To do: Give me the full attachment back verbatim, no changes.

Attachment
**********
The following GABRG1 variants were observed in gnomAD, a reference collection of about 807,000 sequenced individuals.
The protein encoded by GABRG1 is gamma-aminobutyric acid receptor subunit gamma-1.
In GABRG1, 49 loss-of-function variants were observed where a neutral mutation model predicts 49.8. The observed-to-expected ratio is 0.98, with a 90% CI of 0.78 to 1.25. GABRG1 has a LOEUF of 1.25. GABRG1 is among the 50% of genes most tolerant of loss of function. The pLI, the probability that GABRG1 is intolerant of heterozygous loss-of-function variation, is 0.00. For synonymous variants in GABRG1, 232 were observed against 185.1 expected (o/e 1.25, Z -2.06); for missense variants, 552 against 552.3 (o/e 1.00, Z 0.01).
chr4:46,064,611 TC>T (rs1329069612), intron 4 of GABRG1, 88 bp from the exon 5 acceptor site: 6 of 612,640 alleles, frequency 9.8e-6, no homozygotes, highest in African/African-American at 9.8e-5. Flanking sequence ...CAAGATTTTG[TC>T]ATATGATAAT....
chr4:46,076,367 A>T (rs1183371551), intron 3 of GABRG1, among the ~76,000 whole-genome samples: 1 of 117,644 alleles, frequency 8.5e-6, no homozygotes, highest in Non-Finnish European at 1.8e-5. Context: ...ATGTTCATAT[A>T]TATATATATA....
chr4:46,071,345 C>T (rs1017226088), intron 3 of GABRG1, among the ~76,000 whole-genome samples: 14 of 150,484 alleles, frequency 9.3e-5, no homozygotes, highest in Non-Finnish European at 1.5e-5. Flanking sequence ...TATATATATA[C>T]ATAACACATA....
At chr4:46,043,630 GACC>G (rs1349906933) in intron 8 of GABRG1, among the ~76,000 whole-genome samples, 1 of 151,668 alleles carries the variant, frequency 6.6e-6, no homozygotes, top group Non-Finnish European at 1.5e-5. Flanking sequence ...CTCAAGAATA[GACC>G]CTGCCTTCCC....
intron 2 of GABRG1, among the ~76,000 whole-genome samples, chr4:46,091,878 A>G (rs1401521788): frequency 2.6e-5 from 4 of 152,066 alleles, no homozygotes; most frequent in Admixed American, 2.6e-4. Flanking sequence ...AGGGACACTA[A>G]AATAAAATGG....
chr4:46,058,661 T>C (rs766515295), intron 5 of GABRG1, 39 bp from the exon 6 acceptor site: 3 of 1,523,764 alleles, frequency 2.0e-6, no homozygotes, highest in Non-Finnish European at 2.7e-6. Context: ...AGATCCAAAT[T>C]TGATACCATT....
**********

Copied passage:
The following GABRG1 variants were observed in gnomAD, a reference collection of about 807,000 sequenced individuals.
The protein encoded by GABRG1 is gamma-aminobutyric acid receptor subunit gamma-1.
In GABRG1, 49 loss-of-function variants were observed where a neutral mutation model predicts 49.8. The observed-to-expected ratio is 0.98, with a 90% CI of 0.78 to 1.25. GABRG1 has a LOEUF of 1.25. GABRG1 is among the 50% of genes most tolerant of loss of function. The pLI, the probability that GABRG1 is intolerant of heterozygous loss-of-function variation, is 0.00. For synonymous variants in GABRG1, 232 were observed against 185.1 expected (o/e 1.25, Z -2.06); for missense variants, 552 against 552.3 (o/e 1.00, Z 0.01).
chr4:46,064,611 TC>T (rs1329069612), intron 4 of GABRG1, 88 bp from the exon 5 acceptor site: 6 of 612,640 alleles, frequency 9.8e-6, no homozygotes, highest in African/African-American at 9.8e-5. Flanking sequence ...CAAGATTTTG[TC>T]ATATGATAAT....
chr4:46,076,367 A>T (rs1183371551), intron 3 of GABRG1, among the ~76,000 whole-genome samples: 1 of 117,644 alleles, frequency 8.5e-6, no homozygotes, highest in Non-Finnish European at 1.8e-5. Context: ...ATGTTCATAT[A>T]TATATATATA....
chr4:46,071,345 C>T (rs1017226088), intron 3 of GABRG1, among the ~76,000 whole-genome samples: 14 of 150,484 alleles, frequency 9.3e-5, no homozygotes, highest in Non-Finnish European at 1.5e-5. Flanking sequence ...TATATATATA[C>T]ATAACACATA....
At chr4:46,043,630 GACC>G (rs1349906933) in intron 8 of GABRG1, among the ~76,000 whole-genome samples, 1 of 151,668 alleles carries the variant, frequency 6.6e-6, no homozygotes, top group Non-Finnish European at 1.5e-5. Flanking sequence ...CTCAAGAATA[GACC>G]CTGCCTTCCC....
intron 2 of GABRG1, among the ~76,000 whole-genome samples, chr4:46,091,878 A>G (rs1401521788): frequency 2.6e-5 from 4 of 152,066 alleles, no homozygotes; most frequent in Admixed American, 2.6e-4. Flanking sequence ...AGGGACACTA[A>G]AATAAAATGG....
chr4:46,058,661 T>C (rs766515295), intron 5 of GABRG1, 39 bp from the exon 6 acceptor site: 3 of 1,523,764 alleles, frequency 2.0e-6, no homozygotes, highest in Non-Finnish European at 2.7e-6. Context: ...AGATCCAAAT[T>C]TGATACCATT....